Delphi: Manual install

HexLicense is written in vanilla object pascal (common) so that it can be used with as many versions of Delphi as possible. It should also be compatible with Lazarus with only minor adjustments.

In practical terms, this means we have avoided modern features such as generics, custom attributes and anonymous procedures since these are only available in modern editions of the Delphi compiler.

These features would no doubt have made our lives easier, but we want HexLicense to be a low maintanance, robust and reliable ad-hoc solution. Having to re-make and adjust to every edition of Delphi or updates is not our idea of a solid solution.

Making a new package

While the unit code files are plain object pascal, the packages are not. Each version of Delphi demands packages built especially for that version. To make HexLicense install properly on your version of Delphi (unless the package we ship matches) you must do one of two things:

  • Create a new package
  • Adjust the default package

Why is this required? Well, Delphi packages have dependencies. If you are installing HexLicense for VCL then Delphi will automatically add the VCL run-time package when you build it. If you try to install that package on a different version of Delphi you will get an error, because the run-time library packages are never binary compatible.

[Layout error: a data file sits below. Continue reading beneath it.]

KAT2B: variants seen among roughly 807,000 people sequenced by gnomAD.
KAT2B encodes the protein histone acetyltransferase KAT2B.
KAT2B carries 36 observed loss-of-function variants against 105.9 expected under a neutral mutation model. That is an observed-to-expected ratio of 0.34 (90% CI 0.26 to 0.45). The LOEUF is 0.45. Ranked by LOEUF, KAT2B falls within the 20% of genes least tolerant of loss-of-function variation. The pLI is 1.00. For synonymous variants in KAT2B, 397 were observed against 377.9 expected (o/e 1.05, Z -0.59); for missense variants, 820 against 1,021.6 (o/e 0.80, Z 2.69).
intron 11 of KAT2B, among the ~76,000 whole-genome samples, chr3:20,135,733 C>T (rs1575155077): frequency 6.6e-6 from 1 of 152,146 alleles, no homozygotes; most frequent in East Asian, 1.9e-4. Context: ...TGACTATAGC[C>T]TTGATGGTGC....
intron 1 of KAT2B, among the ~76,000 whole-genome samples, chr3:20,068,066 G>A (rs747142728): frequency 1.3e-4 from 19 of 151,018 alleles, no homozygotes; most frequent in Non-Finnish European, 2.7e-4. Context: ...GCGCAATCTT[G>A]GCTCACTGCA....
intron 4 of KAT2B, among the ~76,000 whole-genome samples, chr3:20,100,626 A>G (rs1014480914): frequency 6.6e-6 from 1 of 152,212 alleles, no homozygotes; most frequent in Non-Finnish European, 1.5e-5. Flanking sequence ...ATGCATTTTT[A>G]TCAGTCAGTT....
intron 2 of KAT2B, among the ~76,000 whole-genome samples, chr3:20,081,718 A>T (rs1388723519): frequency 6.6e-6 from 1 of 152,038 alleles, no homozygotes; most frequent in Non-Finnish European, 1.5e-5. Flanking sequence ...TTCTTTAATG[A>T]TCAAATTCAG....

All of this can perhaps sound very technical, but we will walk you through what you need to do step-by-step, and it will take 10 minutes at most to get everything working on your version of Delphi.

The include file

Before you do anything you need to edit the HexLicense include file: vcl.hexlicense.inc

This file can be found inside both the VCL and FMX (Firemonkey) folders. In our example here we will focus on the VCL edition, so the file should be found at:

$HexLicense\vcl_hexlicense\vcl.hexlicense.inc

Note: Please replace the $Hexlicense with the path to where HexLicense is located on your harddisk.

If you open the include-file with notepad you will see quite a few compiler defines covering the majority of Delphi compilers up to the latest.

If you are working with a very old Delphi version, or indeed – a new Delphi version that has not yet been added to the include-file, simply copy one of the existing sections and set  the new version number.

We sincerly doubt this is needed, but it’s important for us that you know about this file and what it does.